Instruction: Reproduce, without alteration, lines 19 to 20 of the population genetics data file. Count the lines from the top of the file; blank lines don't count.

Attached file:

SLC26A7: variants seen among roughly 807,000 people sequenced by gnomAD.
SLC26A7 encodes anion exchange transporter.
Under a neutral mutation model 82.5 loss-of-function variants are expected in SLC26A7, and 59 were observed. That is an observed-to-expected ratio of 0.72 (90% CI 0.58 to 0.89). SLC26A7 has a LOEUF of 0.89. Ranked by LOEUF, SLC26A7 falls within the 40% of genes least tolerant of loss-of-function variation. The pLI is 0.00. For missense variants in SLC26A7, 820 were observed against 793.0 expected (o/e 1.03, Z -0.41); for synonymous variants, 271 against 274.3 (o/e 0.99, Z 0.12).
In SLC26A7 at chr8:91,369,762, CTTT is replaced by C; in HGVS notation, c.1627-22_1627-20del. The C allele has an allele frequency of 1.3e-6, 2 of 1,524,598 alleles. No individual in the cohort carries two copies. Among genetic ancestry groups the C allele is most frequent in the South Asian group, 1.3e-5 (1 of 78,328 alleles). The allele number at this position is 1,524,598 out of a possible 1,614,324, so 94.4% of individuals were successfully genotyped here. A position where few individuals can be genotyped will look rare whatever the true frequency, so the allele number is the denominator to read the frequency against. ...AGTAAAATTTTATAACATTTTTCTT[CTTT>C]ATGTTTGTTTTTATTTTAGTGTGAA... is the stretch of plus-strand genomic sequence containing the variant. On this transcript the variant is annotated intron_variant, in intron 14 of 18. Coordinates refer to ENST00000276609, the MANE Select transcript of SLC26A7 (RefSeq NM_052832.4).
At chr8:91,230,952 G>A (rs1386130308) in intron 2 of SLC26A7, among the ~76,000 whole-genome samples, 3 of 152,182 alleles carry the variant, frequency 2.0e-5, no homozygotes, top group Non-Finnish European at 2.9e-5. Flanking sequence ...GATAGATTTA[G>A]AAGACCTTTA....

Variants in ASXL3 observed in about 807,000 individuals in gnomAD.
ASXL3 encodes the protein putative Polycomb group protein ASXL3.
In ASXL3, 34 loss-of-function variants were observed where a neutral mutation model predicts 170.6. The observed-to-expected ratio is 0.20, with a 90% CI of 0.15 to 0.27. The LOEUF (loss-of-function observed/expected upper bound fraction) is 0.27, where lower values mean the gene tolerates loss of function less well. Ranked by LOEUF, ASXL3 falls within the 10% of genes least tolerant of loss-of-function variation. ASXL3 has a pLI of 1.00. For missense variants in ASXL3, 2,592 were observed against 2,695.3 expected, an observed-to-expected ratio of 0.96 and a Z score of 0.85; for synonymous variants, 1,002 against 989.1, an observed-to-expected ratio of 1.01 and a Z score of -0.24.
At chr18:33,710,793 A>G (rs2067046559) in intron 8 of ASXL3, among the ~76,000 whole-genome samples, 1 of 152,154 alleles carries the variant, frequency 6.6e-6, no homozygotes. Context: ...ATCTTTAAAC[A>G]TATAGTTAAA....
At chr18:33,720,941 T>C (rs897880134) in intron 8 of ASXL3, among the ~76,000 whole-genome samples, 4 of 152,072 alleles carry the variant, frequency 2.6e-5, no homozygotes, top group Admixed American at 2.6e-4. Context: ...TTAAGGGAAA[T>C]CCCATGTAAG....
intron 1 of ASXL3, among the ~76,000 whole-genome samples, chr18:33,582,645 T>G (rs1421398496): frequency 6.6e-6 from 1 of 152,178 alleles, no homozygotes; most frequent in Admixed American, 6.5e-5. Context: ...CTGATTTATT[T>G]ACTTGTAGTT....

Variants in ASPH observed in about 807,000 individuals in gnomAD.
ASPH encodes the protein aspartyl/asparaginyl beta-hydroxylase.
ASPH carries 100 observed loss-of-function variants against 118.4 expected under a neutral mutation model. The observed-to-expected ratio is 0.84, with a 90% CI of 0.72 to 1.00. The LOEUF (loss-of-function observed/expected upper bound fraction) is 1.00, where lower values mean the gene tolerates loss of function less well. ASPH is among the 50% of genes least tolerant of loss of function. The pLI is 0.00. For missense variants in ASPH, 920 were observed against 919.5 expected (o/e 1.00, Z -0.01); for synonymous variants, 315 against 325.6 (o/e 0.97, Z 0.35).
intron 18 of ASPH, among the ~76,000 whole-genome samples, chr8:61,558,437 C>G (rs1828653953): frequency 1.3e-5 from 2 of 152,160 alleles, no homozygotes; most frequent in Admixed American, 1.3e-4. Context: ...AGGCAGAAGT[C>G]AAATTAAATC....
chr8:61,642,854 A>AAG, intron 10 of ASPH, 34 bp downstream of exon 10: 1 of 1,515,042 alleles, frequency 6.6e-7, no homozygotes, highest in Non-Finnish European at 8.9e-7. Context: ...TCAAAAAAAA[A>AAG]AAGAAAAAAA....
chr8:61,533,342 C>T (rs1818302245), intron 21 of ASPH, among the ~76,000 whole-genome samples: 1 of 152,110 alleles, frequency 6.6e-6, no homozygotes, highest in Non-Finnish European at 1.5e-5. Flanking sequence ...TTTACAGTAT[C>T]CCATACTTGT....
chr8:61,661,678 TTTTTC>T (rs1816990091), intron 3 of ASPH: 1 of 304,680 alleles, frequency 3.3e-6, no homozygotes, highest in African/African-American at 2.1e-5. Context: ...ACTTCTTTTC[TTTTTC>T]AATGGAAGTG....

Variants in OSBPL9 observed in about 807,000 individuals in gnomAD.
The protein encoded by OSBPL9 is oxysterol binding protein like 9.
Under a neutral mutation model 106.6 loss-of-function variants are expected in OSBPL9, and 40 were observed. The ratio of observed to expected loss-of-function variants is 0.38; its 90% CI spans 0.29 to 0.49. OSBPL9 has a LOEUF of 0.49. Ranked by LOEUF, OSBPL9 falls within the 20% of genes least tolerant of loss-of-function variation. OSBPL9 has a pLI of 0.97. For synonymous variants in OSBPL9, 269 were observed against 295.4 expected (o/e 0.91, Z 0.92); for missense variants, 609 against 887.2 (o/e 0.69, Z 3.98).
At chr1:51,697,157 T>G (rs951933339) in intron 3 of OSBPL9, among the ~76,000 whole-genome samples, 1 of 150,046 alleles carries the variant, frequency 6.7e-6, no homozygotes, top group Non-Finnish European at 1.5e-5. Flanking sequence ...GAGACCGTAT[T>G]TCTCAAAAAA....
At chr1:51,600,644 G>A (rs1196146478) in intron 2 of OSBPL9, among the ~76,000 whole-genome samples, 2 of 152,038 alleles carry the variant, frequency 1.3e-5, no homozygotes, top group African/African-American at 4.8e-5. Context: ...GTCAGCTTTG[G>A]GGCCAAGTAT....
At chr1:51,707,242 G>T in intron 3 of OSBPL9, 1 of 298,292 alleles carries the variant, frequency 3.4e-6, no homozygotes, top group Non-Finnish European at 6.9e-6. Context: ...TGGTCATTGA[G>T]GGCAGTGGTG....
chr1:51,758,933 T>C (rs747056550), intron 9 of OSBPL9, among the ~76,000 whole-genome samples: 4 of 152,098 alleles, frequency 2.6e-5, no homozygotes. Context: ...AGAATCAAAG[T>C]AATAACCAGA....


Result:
Variants in OSBPL9 observed in about 807,000 individuals in gnomAD.
The protein encoded by OSBPL9 is oxysterol binding protein like 9.